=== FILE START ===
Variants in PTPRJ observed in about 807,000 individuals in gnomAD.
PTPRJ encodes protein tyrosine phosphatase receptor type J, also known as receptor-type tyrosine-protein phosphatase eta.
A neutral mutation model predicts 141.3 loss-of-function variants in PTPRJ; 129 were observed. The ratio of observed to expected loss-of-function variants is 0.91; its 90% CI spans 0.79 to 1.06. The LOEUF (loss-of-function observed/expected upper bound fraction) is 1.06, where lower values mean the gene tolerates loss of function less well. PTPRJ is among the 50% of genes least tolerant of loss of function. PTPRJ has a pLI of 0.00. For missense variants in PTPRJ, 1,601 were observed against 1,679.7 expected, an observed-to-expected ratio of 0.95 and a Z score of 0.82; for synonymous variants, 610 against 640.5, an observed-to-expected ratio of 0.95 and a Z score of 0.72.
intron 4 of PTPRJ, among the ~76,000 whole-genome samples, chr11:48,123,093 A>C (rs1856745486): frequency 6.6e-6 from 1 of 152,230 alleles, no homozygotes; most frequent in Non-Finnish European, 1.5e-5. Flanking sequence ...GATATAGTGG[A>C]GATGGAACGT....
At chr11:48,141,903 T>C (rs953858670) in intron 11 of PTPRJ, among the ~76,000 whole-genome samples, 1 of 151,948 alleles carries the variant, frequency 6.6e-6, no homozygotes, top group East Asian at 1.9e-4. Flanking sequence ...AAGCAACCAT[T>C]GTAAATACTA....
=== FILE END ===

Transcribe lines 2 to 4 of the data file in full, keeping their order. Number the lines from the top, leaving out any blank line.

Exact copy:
PTPRJ encodes protein tyrosine phosphatase receptor type J, also known as receptor-type tyrosine-protein phosphatase eta.
A neutral mutation model predicts 141.3 loss-of-function variants in PTPRJ; 129 were observed. The ratio of observed to expected loss-of-function variants is 0.91; its 90% CI spans 0.79 to 1.06. The LOEUF (loss-of-function observed/expected upper bound fraction) is 1.06, where lower values mean the gene tolerates loss of function less well. PTPRJ is among the 50% of genes least tolerant of loss of function. PTPRJ has a pLI of 0.00. For missense variants in PTPRJ, 1,601 were observed against 1,679.7 expected, an observed-to-expected ratio of 0.95 and a Z score of 0.82; for synonymous variants, 610 against 640.5, an observed-to-expected ratio of 0.95 and a Z score of 0.72.
intron 4 of PTPRJ, among the ~76,000 whole-genome samples, chr11:48,123,093 A>C (rs1856745486): frequency 6.6e-6 from 1 of 152,230 alleles, no homozygotes; most frequent in Non-Finnish European, 1.5e-5. Flanking sequence ...GATATAGTGG[A>C]GATGGAACGT....